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The fight against food crime

Posted: 27 February 2020 | | No comments yet

From fake booze to adulterated tuna; Ron McNaughton, Head of Food Standards Scotland’s Food Crime and Incidents Unit, explains how it is working with partners worldwide in the fight against food crime.

The fight against food crime

Operation Opson (meaning food in ancient Greek) was first launched in 2011 and is an annual international initiative coordinated by Europol and Interpol which encourages contributing countries to get together and run targeted activities to tackle food crime and unsafe food.

Primarily, it is about protecting public health and fighting organised crime groups involved in food crime, but it is also about enhancing international cooperation between law enforcement agencies, food agencies, local authorities and private partners from the food industry.

The Scottish Food Crime and Incidents Unit (SFCIU) is the incidents, investigations and intelligence gathering arm of Food Standards Scotland (FSS). It has a dedicated intelligence office based in Aberdeen – staffed mainly by ex-police personnel – and analyses, develops and actions information received from members of the public, food business operators and industry whistle-blowers.

Over €100 million worth of potentially dangerous food and drink was seized in last year’s Operation Opson.

FSS is the joint UK-lead with the Food Standards Agency’s (FSA) National Food Crime Unit for Operation Opson IX, which was launched in December 2019 and will run until April 2020. More than 80 countries will be taking part in this year’s initiative to tackle the issue of counterfeit and sub-standard food and drink.

Over €100 million worth of potentially dangerous food and drink was seized in the last year’s Operation Opson. The SFCIU was heavily involved in the Europe-wide operation that led to approximately 700 arrests, and investigations are still ongoing in many countries. Police, customs, national food regulatory authorities and private sector partners also took part in the five-month operation. Cooperation and coordination between enforcement authorities across the EU, and around the world, is vital and has led to the seizure of millions of fake and possibly harmful products. It has also helped to take down several transnational criminal networks.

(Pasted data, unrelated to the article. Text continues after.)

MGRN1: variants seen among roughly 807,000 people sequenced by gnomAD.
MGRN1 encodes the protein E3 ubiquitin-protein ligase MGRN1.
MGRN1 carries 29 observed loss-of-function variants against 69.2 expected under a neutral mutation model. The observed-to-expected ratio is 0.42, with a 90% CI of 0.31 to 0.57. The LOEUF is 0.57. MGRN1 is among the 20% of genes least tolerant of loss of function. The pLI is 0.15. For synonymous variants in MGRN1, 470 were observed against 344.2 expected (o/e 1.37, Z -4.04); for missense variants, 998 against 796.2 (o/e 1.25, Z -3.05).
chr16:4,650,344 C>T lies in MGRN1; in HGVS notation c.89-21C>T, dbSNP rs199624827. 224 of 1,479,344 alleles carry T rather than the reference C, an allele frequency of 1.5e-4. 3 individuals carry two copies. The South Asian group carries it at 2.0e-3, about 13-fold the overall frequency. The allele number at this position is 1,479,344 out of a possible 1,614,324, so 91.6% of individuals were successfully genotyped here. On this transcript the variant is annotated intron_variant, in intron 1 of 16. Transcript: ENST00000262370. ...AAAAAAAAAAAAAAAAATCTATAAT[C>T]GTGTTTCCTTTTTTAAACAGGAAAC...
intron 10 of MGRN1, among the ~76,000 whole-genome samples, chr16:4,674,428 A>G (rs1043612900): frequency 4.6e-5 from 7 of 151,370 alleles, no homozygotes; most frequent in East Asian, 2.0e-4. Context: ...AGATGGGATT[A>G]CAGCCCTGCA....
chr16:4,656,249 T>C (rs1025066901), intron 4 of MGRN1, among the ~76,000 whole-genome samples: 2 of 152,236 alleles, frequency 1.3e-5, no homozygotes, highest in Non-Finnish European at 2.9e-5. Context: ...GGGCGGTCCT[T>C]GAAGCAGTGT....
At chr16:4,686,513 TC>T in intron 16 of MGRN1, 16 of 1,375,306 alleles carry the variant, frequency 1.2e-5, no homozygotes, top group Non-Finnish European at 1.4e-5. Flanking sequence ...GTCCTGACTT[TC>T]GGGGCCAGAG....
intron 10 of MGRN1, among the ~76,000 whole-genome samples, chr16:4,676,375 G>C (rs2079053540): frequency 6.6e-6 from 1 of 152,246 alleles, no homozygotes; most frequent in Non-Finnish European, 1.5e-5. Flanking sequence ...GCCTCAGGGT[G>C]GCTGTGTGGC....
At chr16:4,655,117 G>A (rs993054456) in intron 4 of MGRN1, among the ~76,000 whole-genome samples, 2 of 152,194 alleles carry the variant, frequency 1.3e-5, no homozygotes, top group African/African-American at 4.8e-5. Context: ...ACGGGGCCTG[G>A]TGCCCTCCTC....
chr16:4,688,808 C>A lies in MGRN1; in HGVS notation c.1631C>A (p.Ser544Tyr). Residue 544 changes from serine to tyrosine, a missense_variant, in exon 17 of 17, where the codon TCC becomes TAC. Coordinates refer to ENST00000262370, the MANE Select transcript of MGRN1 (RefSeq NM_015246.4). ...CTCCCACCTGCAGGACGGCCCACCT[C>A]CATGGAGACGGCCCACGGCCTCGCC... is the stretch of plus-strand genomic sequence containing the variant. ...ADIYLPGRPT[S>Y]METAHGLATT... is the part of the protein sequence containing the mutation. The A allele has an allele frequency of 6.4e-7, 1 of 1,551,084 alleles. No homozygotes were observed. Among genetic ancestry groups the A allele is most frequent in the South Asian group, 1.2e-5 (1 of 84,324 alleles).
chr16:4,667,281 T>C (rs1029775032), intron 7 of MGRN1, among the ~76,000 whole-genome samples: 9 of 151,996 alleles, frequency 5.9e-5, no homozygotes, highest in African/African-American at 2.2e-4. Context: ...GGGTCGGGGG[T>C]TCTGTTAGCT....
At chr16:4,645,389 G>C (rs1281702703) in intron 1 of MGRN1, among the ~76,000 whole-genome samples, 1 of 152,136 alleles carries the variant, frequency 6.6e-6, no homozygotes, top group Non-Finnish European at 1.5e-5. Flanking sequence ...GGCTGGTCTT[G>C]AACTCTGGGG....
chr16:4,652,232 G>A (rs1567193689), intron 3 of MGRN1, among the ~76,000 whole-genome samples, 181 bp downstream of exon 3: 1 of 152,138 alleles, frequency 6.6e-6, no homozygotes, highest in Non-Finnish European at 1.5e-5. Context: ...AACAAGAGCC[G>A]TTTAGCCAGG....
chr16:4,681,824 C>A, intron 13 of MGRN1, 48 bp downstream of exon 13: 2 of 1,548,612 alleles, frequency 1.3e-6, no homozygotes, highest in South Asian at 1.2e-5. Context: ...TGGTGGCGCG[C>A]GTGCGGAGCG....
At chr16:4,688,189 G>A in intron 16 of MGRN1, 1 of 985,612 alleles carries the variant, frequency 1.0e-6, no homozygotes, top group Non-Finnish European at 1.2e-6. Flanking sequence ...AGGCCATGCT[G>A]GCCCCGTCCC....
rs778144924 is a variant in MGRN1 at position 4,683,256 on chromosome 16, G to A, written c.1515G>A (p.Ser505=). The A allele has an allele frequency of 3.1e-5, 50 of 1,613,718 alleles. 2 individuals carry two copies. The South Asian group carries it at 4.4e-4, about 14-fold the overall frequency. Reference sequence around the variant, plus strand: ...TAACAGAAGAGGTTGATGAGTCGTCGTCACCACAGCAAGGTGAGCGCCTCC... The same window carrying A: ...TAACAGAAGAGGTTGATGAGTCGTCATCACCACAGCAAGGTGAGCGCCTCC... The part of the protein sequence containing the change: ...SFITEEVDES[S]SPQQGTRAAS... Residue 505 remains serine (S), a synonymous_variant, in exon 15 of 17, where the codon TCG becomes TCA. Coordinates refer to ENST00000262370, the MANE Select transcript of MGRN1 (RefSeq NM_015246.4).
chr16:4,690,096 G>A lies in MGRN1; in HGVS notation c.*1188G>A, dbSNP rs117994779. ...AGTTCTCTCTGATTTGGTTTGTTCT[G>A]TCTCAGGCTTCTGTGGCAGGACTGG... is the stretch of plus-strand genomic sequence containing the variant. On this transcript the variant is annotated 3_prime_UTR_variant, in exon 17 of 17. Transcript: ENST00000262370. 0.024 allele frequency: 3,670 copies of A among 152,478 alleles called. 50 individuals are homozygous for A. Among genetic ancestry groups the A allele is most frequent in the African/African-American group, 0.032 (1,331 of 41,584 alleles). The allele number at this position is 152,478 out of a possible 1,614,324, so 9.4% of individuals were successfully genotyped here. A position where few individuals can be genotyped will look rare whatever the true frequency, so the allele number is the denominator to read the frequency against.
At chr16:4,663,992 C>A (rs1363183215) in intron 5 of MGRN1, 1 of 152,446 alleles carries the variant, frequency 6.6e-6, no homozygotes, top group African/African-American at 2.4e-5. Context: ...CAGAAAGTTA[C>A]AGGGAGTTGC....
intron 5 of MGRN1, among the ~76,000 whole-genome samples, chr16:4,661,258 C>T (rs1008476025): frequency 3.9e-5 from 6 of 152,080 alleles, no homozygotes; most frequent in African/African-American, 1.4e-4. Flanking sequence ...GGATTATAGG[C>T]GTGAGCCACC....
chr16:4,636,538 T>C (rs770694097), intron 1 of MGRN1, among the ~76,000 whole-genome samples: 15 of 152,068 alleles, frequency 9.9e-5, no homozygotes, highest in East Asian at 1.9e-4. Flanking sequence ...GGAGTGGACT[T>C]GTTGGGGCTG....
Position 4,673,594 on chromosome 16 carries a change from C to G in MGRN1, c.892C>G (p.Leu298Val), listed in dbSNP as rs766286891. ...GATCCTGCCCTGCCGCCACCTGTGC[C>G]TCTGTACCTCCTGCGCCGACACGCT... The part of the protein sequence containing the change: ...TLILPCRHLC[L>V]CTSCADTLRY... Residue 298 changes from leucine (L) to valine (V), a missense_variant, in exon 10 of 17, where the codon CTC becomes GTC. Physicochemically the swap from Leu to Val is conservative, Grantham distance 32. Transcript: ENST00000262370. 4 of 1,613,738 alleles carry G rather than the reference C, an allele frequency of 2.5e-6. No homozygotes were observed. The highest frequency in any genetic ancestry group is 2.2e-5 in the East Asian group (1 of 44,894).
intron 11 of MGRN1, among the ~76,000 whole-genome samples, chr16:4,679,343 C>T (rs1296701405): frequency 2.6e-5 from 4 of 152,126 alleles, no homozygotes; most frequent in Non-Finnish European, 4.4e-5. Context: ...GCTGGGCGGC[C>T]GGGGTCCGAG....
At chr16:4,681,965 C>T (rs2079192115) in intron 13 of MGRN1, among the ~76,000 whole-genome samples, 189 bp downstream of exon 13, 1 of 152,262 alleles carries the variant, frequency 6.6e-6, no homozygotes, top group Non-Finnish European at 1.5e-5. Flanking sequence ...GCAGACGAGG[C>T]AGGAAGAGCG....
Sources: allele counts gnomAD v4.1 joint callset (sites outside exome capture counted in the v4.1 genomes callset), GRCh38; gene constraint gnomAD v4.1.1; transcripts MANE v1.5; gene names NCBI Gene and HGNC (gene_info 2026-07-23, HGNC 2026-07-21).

tuna on plate

Be careful when selecting your alcoholic beverage – if products are heavily discounted and the offer seems too good to be true, the chances are it probably is not genuine

In total, some 16,000 tonnes and 33 million litres of potentially dangerous fake food and drink were seized after 67,000 checks were carried out at shops, markets, airports, seaports and industrial estates across the continent. As in previous operations, illicit alcohol was the most seized item, totalling more than 33,000 metric tonnes.

Counterfeit booze is one of the most prevalent and significant contributors to food crime. Whilst the vast majority of alcohol produced and sold in the UK is legitimate, criminals and organised crime syndicates will take advantage of any opportunity to make a profit and the New Year can be a peak period for those looking to offload fake alcohol. Vodka, wine, champagne and other alcoholic beverages are known to be made and sold illegally.

In Scotland, we are working with partners such as Police Scotland and local authorities to develop intelligence-led operations against criminals who peddle fake booze and seek to make profits that put the health of consumers at risk. We are also working closely with industry to better understand how big of an issue fake alcohol is here.